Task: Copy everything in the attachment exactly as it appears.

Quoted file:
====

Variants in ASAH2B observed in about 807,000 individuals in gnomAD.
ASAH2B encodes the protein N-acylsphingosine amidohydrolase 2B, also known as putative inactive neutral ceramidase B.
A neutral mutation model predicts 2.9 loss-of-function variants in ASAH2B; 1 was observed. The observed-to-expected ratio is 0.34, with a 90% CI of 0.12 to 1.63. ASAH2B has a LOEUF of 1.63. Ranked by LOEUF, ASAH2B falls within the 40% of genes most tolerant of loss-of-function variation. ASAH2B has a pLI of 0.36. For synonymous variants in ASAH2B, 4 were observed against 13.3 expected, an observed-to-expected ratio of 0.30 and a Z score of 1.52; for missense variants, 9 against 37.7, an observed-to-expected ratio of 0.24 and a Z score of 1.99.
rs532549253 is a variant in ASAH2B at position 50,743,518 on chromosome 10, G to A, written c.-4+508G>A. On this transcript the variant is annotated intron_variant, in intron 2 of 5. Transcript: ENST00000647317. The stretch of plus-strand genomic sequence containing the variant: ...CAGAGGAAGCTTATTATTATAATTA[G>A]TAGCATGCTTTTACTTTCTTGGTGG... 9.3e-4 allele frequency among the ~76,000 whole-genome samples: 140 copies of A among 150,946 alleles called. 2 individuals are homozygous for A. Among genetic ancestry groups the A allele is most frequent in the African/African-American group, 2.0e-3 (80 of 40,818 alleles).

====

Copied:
Variants in ASAH2B observed in about 807,000 individuals in gnomAD.
ASAH2B encodes the protein N-acylsphingosine amidohydrolase 2B, also known as putative inactive neutral ceramidase B.
A neutral mutation model predicts 2.9 loss-of-function variants in ASAH2B; 1 was observed. The observed-to-expected ratio is 0.34, with a 90% CI of 0.12 to 1.63. ASAH2B has a LOEUF of 1.63. Ranked by LOEUF, ASAH2B falls within the 40% of genes most tolerant of loss-of-function variation. ASAH2B has a pLI of 0.36. For synonymous variants in ASAH2B, 4 were observed against 13.3 expected, an observed-to-expected ratio of 0.30 and a Z score of 1.52; for missense variants, 9 against 37.7, an observed-to-expected ratio of 0.24 and a Z score of 1.99.
rs532549253 is a variant in ASAH2B at position 50,743,518 on chromosome 10, G to A, written c.-4+508G>A. On this transcript the variant is annotated intron_variant, in intron 2 of 5. Transcript: ENST00000647317. The stretch of plus-strand genomic sequence containing the variant: ...CAGAGGAAGCTTATTATTATAATTA[G>A]TAGCATGCTTTTACTTTCTTGGTGG... 9.3e-4 allele frequency among the ~76,000 whole-genome samples: 140 copies of A among 150,946 alleles called. 2 individuals are homozygous for A. Among genetic ancestry groups the A allele is most frequent in the African/African-American group, 2.0e-3 (80 of 40,818 alleles).